"[His comments] came out of left field," she says. "I don't know what was happening in the background."
Junquera is a white Cuban-American who had been involved in providing support with campaign strategies and communications to Lynch and other first-time candidates running on environmental platforms.
After Speers called him, he tells New Times, he confronted Lynch via text and told him the comments were out of line. Lynch then told him to "go pick the cotton."
"Maybe they will give you a drink of water. They might even let you sleep in the main house for a night," Lynch texted. Calling Junquera a "Tío Tomás" and warning him that he'd "made a powerful enemy," he vowed, "I will do everything in my power to make sure you lose now too."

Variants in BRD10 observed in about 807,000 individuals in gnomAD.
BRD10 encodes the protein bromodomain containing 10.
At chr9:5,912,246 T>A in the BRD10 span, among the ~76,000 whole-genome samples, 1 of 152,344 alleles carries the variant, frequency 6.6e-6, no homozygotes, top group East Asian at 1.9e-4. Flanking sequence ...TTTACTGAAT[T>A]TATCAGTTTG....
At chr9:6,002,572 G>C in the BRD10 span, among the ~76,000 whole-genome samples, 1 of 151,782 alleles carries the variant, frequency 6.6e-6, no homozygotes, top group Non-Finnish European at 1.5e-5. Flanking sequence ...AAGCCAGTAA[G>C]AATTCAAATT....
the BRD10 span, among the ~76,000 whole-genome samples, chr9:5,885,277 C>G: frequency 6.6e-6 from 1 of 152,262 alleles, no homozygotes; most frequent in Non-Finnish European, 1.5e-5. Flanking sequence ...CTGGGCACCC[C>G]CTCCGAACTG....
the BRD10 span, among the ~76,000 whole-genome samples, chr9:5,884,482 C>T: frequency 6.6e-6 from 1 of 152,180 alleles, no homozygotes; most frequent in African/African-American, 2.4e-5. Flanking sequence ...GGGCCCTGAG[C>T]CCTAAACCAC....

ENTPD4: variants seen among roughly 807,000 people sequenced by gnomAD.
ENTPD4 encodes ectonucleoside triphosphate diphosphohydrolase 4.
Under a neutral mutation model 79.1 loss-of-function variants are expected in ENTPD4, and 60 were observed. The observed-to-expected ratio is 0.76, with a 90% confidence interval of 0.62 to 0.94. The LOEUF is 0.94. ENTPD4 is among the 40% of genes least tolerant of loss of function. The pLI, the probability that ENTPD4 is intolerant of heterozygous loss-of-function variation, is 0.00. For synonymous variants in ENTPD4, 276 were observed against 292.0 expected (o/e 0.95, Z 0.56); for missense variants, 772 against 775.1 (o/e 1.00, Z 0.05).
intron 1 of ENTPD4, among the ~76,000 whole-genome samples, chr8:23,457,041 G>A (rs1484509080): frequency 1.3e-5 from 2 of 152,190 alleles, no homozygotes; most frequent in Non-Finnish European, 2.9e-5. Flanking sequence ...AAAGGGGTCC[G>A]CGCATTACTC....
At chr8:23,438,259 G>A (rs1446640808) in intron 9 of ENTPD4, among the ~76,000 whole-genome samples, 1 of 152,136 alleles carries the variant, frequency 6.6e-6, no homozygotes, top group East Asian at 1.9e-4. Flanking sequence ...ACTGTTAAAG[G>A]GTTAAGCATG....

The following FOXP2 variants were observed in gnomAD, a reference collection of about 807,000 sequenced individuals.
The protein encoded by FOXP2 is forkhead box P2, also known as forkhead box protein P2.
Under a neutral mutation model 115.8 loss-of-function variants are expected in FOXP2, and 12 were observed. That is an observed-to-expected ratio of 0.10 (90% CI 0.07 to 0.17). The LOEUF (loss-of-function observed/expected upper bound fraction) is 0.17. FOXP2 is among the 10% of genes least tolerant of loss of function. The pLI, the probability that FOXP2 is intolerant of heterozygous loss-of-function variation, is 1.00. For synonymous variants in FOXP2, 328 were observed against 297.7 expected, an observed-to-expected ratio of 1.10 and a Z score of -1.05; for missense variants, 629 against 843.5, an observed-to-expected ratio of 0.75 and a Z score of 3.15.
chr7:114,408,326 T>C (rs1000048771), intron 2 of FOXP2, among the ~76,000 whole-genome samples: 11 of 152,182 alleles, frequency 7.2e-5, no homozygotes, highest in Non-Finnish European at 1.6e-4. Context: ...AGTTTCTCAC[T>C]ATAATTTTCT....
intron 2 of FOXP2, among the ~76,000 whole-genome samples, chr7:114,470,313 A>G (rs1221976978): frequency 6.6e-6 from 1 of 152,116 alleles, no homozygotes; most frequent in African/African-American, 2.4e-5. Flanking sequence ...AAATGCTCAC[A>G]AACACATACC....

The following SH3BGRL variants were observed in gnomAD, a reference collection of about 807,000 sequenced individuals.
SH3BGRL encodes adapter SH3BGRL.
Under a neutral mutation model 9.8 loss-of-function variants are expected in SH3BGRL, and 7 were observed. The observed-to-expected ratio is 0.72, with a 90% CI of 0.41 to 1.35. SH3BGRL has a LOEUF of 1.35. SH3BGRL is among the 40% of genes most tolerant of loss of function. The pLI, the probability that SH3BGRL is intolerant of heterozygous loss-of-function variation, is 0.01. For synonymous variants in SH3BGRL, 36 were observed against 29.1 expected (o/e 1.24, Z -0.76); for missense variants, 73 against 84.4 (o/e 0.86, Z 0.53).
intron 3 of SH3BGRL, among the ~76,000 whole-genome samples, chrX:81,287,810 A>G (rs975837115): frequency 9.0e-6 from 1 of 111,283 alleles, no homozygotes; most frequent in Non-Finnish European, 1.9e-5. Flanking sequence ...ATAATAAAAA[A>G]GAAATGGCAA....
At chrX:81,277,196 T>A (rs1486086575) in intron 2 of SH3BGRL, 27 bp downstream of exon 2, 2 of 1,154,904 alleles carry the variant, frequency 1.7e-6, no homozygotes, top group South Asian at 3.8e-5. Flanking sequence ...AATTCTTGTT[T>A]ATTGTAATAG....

Junquera says he took screenshots of the exchange and sent them to Speers.
"I can never put myself in the position of a woman of color, but I'm sure it's not easy to go to your supervisors and tell them this conversation took place," Junquera says. "I was just providing her proof. I had what I needed to give her the backup she needed. I said, 'You can tell them this is the person that's harassing you.'"
Junquera says he told Lynch he could no longer stand by him as a candidate.
"It was horrible, it was disgusting," he says. "I told him I can't be any part of that. If he doesn't understand why those comments are racist, misogynist, and sexist, I have nothing to tell him."
Junquera believes Lynch's public endorsements of Black women running for state office betray a disconnect between what he says publicly and privately about minorities.